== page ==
The Mosquito: A Human History of Our Deadliest Predator

Dutton. Aug. 2019. 496p. notes. bibliog. index. ISBN 9781524743413. $28; ebk. ISBN 9781524743437. SCI
The mosquito is humanity’s most deadly predator. In 2018, nearly 830,00 people died from mosquito-borne disease. Wars have been lost and campaigns derailed because of malaria, yellow fever, dengue fever and other diseases. Winegard (history, political science, Colorado Mesa Univ; The First World Oil War) doesn’t add new insight to this history, but his account makes it accessible for readers of natural history. The narrative addresses the insect’s evolution and capabilities, along with its future in the face of present-day genetic research and efforts of organizations such as the Gates Foundation to eradicate malaria. The bulk of the book, however, is little more than a potted summary of world history, with an emphasis on military campaigns, one of Winegard’s enthusiasms. Though the work begins and ends well, Winegard repeats the same points often, is prone to digression, and his deployment of footnotes is heavy-handed, sometimes jejune.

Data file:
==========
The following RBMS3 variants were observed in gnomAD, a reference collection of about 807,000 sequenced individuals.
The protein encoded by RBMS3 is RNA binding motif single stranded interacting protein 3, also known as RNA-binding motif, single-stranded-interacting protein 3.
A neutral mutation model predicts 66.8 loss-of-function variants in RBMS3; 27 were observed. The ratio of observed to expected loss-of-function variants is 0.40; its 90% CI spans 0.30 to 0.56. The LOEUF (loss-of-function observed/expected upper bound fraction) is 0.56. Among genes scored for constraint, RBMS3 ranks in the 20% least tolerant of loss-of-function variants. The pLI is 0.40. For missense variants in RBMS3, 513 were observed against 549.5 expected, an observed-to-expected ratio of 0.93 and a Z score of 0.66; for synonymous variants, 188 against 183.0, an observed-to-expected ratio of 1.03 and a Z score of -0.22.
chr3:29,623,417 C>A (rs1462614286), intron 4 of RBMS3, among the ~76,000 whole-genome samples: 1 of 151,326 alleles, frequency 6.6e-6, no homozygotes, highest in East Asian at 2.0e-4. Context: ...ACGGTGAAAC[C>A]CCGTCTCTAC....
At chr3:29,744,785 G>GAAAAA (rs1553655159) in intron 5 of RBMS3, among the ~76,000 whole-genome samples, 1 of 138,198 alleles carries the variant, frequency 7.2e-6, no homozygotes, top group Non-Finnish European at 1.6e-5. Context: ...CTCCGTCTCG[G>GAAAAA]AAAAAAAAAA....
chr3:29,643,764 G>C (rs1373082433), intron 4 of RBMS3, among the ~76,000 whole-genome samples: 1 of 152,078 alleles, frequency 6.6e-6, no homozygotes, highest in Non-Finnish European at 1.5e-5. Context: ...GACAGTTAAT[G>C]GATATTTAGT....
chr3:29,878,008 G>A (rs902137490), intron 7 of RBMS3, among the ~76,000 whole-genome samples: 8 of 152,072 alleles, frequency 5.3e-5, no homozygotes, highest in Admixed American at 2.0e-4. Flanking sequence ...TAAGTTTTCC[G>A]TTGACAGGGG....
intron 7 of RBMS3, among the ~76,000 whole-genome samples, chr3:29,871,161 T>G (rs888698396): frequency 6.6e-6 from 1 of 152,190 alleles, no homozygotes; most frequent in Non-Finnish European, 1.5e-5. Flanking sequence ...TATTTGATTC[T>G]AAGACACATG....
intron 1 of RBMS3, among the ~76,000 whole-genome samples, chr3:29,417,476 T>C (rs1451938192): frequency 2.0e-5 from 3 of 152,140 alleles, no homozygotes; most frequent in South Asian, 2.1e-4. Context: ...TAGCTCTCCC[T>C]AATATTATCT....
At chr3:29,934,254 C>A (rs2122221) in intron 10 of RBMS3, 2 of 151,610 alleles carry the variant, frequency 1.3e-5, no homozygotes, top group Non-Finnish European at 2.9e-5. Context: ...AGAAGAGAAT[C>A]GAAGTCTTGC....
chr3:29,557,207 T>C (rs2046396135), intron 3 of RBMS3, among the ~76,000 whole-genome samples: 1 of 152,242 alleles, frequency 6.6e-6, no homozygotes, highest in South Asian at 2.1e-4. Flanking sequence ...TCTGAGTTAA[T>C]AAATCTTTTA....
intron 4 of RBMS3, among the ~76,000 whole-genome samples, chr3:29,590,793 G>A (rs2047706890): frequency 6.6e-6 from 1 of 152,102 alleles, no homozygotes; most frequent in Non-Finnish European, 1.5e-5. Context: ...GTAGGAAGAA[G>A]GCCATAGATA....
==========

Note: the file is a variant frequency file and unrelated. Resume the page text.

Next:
VERDICT There’s room for a popular history on this fascinating topic, but readers should be cautioned that this study is uneven.
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